A pilot study on the prevention of HIV related Tuberculosis in Zambia

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Mwinga, Alwyn G
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During the last decade there has been an increase in notification rates of tuberculosis in many developing countries the world over. Epidemiological evidence has linked this increase to the HIV epidemic in many of these countries, the mechanism of which is thought to be either reactivation of a distantly acquired latent infection or re-infection or progression from a recent infection. As a result of this association between HIV and tuberculosis attention has been drawn to the possibility for the use of preventive therapy as a means of reducing the incidence of tuberculosis in the HIV infected individual with a latent tuberculosis infection in developing countries with a high incidence of dual HIV/tuberculosis infection. To address this issue a randomised placebo controlled double blind trial of two intermittent regimens of tuberculosis preventive therapy with a study sample of about 1000 HIV positive individuals was proposed as a collaborative effort between the University of Zambia and the London School of Hygiene and Tropical Medicine. Prior to beginning this study a pilot study was carried out in order to assess the feasibility of recruiting and following up a cohort of HIV positive individuals in Lusaka.The pilot study and its findings are presented in this dissertation. At recruitment an assessment of Knowledge and Attitudes to HIV showed a high level of knowledge about HIV and its transmission. The recruitment of HIV infected patients occurred at a higher rate among those individuals already aware of their HIV status than those who were tested for the first time for the purpose of recruitment into the study suggesting that a voluntary testing centre would be a good recruitment site. Difficulty in excluding active tuberculosis was a major reason for non-enrolment into the study, however no active case of tuberculosis was diagnosed in these patients.Tuberculin testing at the time of the initial HIV test showed a much lower frequency of positive tuberculin responses in the HIV positive than the HIV negative subjects, indicating that tuberculin testing has limited usefulness as a means of identifying latent tuberculosis in areas with high rates of both tuberculosis and HIV. Many of the patients recruited did not return to the clinic for follow up. Some of the problems identified in the follow-up included difficulties in finding the patients within the community as a result of the wrong address being supplied, an inability to locate the given address in the residential areas and a tendency to easily move from one residential area to another. Thus it would be necessary to obtain very detailed information of the patient's residential address as well as that of their next of kin in order to ensure adequate follow-up. More frequent reviews and repeated counselling might also contribute to better follow-up of asymptomatic patients. Given the future impact that the interaction with HIV was expected to have on the tuberculosis situation in countries like Zambia it was considered important to conduct a study to determine the efficacy of tuberculosis preventive therapy in this setting. The various problems identified during the pilot study indicated that implementation of relevant measures to ensure maximum follow-up of the patients would be critical.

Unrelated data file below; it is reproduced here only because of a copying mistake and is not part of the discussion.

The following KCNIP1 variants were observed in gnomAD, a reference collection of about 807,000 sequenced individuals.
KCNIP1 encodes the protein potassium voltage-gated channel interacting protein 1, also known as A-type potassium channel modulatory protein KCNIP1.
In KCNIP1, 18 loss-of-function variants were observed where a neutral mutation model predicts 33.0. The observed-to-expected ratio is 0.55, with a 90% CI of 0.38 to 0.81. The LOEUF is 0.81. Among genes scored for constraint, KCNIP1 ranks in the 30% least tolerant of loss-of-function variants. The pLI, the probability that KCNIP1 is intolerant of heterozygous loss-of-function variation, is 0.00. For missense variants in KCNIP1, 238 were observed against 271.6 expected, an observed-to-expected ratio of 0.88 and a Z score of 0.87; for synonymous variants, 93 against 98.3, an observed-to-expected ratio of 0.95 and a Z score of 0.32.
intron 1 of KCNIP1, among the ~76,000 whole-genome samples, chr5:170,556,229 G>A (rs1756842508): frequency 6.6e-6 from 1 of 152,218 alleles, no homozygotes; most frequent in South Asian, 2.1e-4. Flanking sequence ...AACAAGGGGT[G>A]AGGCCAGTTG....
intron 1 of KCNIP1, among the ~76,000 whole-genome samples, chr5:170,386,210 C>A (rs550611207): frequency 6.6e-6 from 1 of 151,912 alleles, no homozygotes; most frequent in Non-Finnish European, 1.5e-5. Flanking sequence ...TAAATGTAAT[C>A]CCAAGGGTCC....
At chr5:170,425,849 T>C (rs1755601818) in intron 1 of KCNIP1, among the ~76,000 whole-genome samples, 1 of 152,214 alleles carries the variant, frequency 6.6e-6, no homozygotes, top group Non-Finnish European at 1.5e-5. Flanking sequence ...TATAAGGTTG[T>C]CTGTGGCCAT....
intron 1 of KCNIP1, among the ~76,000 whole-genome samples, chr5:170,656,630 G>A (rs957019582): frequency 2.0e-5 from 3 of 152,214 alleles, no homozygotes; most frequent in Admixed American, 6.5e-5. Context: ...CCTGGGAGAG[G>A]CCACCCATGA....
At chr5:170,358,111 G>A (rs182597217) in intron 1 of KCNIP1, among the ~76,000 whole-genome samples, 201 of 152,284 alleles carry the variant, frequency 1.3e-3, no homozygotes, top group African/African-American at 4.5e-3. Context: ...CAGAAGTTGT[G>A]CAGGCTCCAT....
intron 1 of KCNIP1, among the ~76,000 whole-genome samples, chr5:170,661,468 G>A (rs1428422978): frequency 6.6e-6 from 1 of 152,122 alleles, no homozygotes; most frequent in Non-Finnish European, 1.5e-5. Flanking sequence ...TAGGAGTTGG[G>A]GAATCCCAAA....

Tuberculosis -- Zambia , HIV (Virus) -- Zambia